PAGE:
161: Three Profiling Tools 

(view original Railscast)

This episode will show three different profiling tools that you can use with your Rails applications. They are all designed to work in development mode and while you should be careful not to do too much optimization and profiling while in development mode these tools can be really helpful in giving you an idea what Rails and your application are doing under the hood. Note that a couple of the tools are from commercial companies, but the versions we’ll be using are all free.

New Relic

New Relic is best known for its RPM monitoring tool which provides an excellent way of monitoring production Rails applications. Less well known is the developer mode version which can be used to see what’s going on in your application as you develop it.

The New Relic Developer Mode webpage.

RPM Developer Mode is installed as a plugin. From the application’s directory we need to run

script/plugin install http://newrelic.rubyforge.org/svn/newrelic_rpm

to install it. Once it’s installed we can start up our application in development mode and visit some of the pages we’d like to profile. When we’ve done that we can visit http://localhost:3000/newrelic and we’ll see the requests that have been processed and the time taken for each one.

New Relic RPM showing the time taken for a number of requests.

We can click on the details for any given request and view more details on how long each section of the page takes to render.

Details for a single request.

We can also see all of the SQL requests that are made for a given request.

The database calls made for a single request.

We can even view details for a single SQL call including a stack trace to show on which line in the application the request was made.

Details about a single database call.

Overall NewRelic RPM can give you a lot of useful information about your application.

FiveRuns TuneUp

The FiveRuns TuneUp web page.

The next profiling tool we’ll demonstrate is FiveRuns TuneUp. Unlike RPM, this is installed as a gem.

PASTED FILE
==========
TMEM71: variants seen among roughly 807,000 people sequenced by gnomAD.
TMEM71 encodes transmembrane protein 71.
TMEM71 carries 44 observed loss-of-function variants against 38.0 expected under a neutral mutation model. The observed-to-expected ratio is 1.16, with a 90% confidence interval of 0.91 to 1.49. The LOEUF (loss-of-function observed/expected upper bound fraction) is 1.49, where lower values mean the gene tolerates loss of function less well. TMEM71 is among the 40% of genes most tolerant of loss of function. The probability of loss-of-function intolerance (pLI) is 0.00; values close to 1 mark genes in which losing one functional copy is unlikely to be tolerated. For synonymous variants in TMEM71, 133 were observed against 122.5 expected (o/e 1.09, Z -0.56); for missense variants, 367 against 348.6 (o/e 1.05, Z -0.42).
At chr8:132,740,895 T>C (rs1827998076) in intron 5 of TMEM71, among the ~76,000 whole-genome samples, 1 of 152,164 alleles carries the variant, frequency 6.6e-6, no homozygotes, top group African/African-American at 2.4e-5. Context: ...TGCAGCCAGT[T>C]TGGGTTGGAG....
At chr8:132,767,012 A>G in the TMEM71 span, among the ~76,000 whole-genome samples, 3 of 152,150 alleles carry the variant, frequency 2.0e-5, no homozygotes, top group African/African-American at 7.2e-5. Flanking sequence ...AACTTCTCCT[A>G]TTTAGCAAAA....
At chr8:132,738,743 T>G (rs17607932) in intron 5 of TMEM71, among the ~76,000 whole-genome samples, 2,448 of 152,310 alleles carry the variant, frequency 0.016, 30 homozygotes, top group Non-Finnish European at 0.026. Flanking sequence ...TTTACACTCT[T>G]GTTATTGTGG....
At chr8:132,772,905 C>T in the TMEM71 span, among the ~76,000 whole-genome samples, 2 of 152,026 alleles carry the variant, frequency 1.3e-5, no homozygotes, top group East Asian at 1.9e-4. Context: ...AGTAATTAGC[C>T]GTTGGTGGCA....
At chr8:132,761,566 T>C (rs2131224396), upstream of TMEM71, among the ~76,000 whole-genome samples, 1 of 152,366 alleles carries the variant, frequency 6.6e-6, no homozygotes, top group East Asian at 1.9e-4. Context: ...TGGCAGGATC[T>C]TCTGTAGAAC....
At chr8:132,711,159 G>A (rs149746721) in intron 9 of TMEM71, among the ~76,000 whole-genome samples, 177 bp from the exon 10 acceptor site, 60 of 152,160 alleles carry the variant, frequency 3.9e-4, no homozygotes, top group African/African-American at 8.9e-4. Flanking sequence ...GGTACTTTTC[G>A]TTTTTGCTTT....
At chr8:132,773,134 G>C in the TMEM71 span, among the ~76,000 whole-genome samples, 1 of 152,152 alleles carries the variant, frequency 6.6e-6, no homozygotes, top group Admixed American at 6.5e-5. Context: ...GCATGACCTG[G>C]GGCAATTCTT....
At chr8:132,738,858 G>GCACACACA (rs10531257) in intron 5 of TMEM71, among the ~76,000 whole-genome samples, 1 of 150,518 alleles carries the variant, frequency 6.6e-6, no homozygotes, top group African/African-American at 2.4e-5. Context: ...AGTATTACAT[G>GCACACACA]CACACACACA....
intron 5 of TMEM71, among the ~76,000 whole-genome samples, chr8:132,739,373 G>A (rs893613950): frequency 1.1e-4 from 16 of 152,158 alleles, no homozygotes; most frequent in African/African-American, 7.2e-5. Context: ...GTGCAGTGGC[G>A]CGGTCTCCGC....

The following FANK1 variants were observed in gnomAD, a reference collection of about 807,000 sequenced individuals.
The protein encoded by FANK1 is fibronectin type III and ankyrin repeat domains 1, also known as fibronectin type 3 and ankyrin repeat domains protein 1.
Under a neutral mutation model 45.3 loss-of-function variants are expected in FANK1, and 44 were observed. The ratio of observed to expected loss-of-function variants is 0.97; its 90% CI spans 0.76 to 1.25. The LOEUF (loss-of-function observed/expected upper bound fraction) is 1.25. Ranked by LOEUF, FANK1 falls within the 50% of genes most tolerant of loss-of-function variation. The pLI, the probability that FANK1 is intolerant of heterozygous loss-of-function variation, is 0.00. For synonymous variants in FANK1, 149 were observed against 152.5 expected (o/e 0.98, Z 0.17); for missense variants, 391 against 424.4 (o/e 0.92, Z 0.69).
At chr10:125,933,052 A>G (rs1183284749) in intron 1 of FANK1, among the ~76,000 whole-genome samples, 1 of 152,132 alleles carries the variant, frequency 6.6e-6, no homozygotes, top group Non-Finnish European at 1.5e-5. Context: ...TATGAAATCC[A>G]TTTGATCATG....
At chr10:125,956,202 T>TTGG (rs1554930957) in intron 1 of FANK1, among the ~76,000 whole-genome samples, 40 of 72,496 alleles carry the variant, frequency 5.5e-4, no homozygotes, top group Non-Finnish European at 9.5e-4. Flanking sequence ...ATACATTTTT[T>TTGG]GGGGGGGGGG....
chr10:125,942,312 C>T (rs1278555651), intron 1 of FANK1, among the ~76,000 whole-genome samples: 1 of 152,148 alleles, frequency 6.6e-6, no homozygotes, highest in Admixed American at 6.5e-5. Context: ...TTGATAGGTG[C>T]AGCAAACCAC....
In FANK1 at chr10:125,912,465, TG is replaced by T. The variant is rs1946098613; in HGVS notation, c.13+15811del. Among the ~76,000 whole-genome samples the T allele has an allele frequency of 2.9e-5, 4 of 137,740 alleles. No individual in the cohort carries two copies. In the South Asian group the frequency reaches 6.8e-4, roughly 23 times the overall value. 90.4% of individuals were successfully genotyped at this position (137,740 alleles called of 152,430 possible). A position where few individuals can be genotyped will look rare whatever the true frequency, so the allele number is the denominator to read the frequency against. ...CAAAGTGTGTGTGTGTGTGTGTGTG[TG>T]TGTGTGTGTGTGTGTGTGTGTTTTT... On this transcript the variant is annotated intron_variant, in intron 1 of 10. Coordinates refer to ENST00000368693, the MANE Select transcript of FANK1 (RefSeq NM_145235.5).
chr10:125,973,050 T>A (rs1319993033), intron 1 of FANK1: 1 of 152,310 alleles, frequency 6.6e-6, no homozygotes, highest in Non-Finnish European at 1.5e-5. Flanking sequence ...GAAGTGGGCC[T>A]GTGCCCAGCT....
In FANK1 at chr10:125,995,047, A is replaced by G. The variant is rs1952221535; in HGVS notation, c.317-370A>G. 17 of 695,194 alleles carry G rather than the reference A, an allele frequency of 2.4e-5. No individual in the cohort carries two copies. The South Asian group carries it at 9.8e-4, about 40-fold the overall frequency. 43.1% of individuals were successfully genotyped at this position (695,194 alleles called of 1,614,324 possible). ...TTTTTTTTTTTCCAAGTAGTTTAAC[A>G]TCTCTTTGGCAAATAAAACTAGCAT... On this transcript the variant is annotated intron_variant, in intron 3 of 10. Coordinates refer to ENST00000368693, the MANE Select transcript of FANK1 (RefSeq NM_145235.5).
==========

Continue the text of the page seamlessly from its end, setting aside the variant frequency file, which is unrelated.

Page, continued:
sudo gem install fiveruns_tuneup

Once installed we can add TuneUp to our application by adding a reference to the gem in /config/environment.rb.

config.gem "fiveruns_tuneup"

Now, when we start up the server and visit a page in our application there will be an extra toolbar displayed at the top that will show us information about our application’s performance.

The TuneUp toolbar.

The toolbar shows the time taken to process the request and a breakdown of the relative time spent processing the models, view and controller.

The TuneUp toolbar showing details about a find.

If we hover over the breakdown we’ll see more details about the different parts of the request including the time spent rendering the views and partials, and the time taken to make database calls. For the finds called by the models the generated SQL run against the database can be viewed and we can see the schemas for the database tables. Clicking the pencil icon next to a view will, if you have TextMate installed, take you to the exact lines of code where that rendering takes place.

If a request is running slowly and you’re not sure why you can click the “Login to Share this Run” on the toolbar and publish the request’s profile on FiveRuns website (either privately or publicly) and get help to optimize or debug it.


The final profiling tool we’ll cover is Rack::Bug. Like TuneUp it puts a toolbar at the top of the pages of your application that provides a wealth of information about each request. As it makes use of Middleware it can only be used with applications running under Rails 2.3 or later. Rack::Bug is installed as a plugin and can be installed from Github.

script/plugin install git://github.com/brynary/rack-bug.git

After installing the plugin we need to create a config/initializers/middleware.rb file that has the following content.

# config/initializers/middleware.rb
require "rack/bug"
ActionController::Dispatcher.middleware.use Rack::Bug,
  :ip_masks   => [IPAddr.new("")],
  :secret_key => "epT5uCIchlsHCeR9dloOeAPG66PtHd9K8l0q9avitiaA/KUrY7DE52hD4yWY+8z1",
  :password   => "rack-bug-secret"

The secret_key and password values should be changed before using Rack::Bug. Once that’s done we can start up our server. To use Rack::Bug we’ll first need to visit a special path.


This path will take us to a page with nothing but a link on it. If we drag the link up to our bookmarks bar a bookmarklet will be created that will allow us to turn Rack::Bug on and off.

Drag the link to the bookmarks bar.

After we’ve created the bookmarklet we can visit a page in our application. Clicking the bookmarklet will bring up a dialog box in which we can enter the password we defined in the file above. When we do that an alert box that says “Rack::Bug Enabled” should appear. If we then refresh the page we’ll see the Rack::Bug toolbar at the top.

Rack::Bug’s toolbar.

Each link in the toolbar opens up a panel that will show information about a different part of the request, from information about our Rails environment to a list of the request variables and the SQL queries that were made.

Rack::Bug’s toolbar showing the database calls made by a request.

Other tabs let us view the number of ActiveRecord objects our request generates and the templates used to render the file.

Whichever profiling tool you choose for your Rails app you’ll find that it provides a host of useful information for understanding how your application is working. Remember though that it is that when your application is live and in production mode that you’ll gain the best understanding about how your application is performing.